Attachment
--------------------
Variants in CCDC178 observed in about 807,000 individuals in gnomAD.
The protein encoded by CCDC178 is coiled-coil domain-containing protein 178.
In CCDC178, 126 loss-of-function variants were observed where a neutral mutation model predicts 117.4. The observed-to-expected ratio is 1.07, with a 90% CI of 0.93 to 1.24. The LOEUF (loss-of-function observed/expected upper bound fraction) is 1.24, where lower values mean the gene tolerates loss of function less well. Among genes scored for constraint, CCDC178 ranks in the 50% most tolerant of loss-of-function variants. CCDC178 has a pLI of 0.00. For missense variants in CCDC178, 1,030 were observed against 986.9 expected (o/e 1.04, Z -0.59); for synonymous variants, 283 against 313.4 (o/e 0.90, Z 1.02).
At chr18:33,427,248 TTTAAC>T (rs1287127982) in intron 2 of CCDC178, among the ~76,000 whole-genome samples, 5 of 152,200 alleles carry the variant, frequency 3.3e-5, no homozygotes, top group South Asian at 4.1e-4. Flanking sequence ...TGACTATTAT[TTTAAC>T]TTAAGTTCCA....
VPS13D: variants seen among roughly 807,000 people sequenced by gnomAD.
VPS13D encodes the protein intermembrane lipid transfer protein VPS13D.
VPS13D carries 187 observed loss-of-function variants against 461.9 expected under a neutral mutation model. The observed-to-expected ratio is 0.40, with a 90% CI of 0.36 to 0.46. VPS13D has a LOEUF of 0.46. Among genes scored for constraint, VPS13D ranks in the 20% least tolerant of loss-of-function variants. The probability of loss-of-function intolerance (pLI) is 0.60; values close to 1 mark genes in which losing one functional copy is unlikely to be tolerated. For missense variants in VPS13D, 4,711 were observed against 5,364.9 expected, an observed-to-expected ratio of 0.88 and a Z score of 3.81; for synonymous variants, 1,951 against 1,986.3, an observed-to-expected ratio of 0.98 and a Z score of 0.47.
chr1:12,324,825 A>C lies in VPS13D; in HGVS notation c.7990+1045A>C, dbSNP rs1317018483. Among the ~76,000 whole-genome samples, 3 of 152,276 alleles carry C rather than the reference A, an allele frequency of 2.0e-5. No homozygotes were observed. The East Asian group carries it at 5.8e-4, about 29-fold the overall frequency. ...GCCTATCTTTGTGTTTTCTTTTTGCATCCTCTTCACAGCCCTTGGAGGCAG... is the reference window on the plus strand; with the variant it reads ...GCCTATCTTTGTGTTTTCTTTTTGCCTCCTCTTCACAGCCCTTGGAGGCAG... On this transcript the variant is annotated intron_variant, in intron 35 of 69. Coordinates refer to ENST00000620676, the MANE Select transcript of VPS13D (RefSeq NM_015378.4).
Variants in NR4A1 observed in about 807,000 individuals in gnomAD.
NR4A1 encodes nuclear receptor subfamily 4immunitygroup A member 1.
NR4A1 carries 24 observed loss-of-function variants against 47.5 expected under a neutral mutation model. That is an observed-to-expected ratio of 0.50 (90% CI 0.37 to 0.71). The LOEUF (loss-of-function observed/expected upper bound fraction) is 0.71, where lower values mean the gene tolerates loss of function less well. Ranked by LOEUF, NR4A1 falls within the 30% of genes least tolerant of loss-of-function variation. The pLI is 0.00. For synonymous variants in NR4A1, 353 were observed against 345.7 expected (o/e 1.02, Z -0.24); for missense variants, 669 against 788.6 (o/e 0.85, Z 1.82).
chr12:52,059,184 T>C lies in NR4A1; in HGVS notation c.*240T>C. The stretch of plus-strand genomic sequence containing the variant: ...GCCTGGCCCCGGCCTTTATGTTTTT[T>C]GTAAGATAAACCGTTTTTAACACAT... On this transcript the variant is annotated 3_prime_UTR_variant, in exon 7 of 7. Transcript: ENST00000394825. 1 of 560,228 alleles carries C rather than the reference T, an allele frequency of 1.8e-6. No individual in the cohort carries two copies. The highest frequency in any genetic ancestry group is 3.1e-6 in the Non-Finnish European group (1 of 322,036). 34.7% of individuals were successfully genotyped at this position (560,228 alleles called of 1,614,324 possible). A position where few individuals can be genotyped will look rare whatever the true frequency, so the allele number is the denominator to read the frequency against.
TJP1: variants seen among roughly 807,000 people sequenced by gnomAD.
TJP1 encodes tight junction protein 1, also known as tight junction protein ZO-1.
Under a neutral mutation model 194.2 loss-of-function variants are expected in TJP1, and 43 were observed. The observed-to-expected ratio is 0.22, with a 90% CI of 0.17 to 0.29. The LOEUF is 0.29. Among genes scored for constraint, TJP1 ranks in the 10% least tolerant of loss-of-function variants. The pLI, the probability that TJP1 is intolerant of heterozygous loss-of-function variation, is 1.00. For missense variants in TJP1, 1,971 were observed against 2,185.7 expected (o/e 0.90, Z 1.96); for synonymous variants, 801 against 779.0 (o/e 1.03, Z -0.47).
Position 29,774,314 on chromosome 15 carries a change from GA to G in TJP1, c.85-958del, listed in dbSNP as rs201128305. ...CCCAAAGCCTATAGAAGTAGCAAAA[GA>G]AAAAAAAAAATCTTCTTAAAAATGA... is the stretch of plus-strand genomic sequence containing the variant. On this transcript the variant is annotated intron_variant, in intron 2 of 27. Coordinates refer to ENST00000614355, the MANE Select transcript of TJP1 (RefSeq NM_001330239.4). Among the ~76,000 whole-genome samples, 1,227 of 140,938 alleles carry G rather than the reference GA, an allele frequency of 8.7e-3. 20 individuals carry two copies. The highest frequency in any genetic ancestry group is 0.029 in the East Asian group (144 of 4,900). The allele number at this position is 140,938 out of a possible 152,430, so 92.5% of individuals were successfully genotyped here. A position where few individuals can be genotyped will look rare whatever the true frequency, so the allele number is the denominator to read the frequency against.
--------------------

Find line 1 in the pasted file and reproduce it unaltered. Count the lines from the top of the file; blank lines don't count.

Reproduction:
Variants in CCDC178 observed in about 807,000 individuals in gnomAD.